This got viral overnight, a new Kickstarter project to create an open gaming console, hackers friendly, and with a focus on “free to play” or freemium games. The console project, named OUYA, got funded in less than a day on kickstarter, and there’s still 29 days to go, so this is pretty exciting.
One of the exciting bits is that people who pledge 99$ or more will get the console. That’s a very attractive price, and the remaining slots are going down very fast (90% ordered as I type this), so hurry up if you’re interested. I personally already pledged
This is not a next gen console…
Now let’s not get over excited too quick. We’re not really talking of a competitor to the Xbox360 or the PS3 here. The specs are not super highend, the platform will be running on Android, with hardware that currently exists (highend Android for now, but by the day this is released, in march 2013, this will be lowend specs). The 8GB internal storage really sounds not too much to me. My phone has that, and some android games already take close to a GB. Only one usb port, meh…
In the end, what makes the power of a console is the amount of exclusive contents it gets, and the team behind Ouya has yet to explain how they plan to secure that. But given the buzz around that kickstarter campaign, it is possible that they will gather some attention from big players… who knows, maybe Valve will get interested. After all, there were rumors of them coming up with a game console a while ago.
…But it could still disrupt the market
This is not the first time an alternate “hackers friendly” gaming console hits the market. The Open Pandora was also a nice portable console, with better specs than the PSP or the DS, but it joined the market too late in the game, and was a bit expensive. From a pure gamer’s perspective, the open pandora was a failure, a geeky expensive gadget for developers.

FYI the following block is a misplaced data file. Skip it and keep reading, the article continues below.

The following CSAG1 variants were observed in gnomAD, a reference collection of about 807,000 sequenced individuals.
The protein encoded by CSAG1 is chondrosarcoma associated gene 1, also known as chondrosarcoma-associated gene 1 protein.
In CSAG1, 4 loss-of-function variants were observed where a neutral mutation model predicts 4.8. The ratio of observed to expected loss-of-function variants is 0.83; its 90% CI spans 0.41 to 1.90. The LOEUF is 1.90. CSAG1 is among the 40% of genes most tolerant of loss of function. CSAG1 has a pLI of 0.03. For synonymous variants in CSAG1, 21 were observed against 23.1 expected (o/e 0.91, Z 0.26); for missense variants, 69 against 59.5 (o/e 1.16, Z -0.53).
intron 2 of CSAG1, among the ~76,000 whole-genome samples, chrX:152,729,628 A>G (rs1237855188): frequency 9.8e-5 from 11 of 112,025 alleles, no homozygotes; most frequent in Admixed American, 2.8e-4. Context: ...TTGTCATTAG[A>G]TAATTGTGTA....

But these are different times. Kickstarter did not exist when the Open pandora was created, and the OUYA is backed up by a bunch of indie developers. It could actually make a difference in the gaming market. If anything, with more than 11’000 backers within a day, it is sending a strong signal to Sony and Microsoft that their “we take the share of the lion” console business model is not pleasing everyone, especially game developers.
This success is is also a message to the creators of that project: people are expecting a LOT from this. Trophies, online play, media center functionality… basically everything that made the xbox360 and the PS3 successful, without the hassle for developers. At the current rate of the kickstarter campaign, I would expect Ouya to try for a bit “more” than just an android tablet with a sleek design. They could actually become a major player in the console market, if they play this thing correctly.
Well, and if it’s not becoming anything of that, I guess I just got myself a nice Android for half the price of the nexus 7.
By the way I’m seeing a lot of gamers saying they would never buy a “hackers friendly” console, because people will cheat on it. This is a typical misunderstanding of what hacking is about. There are ways to secure video games on open systems. A system can be hacking friendly and still be secure. it is the responsibility of the game developers to secure their system for online play. Just the same way you are not worried to access your bank account from your computer, because the fact that your computer is “open” to development has nothing to do with the security of your bank’s website.
Thanks to Watching the World Burn for the tip!